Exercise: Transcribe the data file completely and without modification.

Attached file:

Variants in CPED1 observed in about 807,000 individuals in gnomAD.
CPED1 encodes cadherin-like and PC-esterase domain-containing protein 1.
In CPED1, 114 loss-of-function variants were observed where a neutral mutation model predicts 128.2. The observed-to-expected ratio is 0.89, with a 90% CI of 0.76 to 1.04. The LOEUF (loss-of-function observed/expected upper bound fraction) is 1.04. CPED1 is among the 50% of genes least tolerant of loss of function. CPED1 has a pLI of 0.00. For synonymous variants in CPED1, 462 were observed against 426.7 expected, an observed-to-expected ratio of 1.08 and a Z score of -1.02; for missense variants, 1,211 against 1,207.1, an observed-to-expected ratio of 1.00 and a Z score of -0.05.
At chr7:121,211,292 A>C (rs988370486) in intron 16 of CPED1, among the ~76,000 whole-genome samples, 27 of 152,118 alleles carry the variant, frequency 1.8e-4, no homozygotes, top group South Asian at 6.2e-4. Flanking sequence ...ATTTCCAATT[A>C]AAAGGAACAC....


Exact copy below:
Variants in CPED1 observed in about 807,000 individuals in gnomAD.
CPED1 encodes cadherin-like and PC-esterase domain-containing protein 1.
In CPED1, 114 loss-of-function variants were observed where a neutral mutation model predicts 128.2. The observed-to-expected ratio is 0.89, with a 90% CI of 0.76 to 1.04. The LOEUF (loss-of-function observed/expected upper bound fraction) is 1.04. CPED1 is among the 50% of genes least tolerant of loss of function. CPED1 has a pLI of 0.00. For synonymous variants in CPED1, 462 were observed against 426.7 expected, an observed-to-expected ratio of 1.08 and a Z score of -1.02; for missense variants, 1,211 against 1,207.1, an observed-to-expected ratio of 1.00 and a Z score of -0.05.
At chr7:121,211,292 A>C (rs988370486) in intron 16 of CPED1, among the ~76,000 whole-genome samples, 27 of 152,118 alleles carry the variant, frequency 1.8e-4, no homozygotes, top group South Asian at 6.2e-4. Flanking sequence ...ATTTCCAATT[A>C]AAAGGAACAC....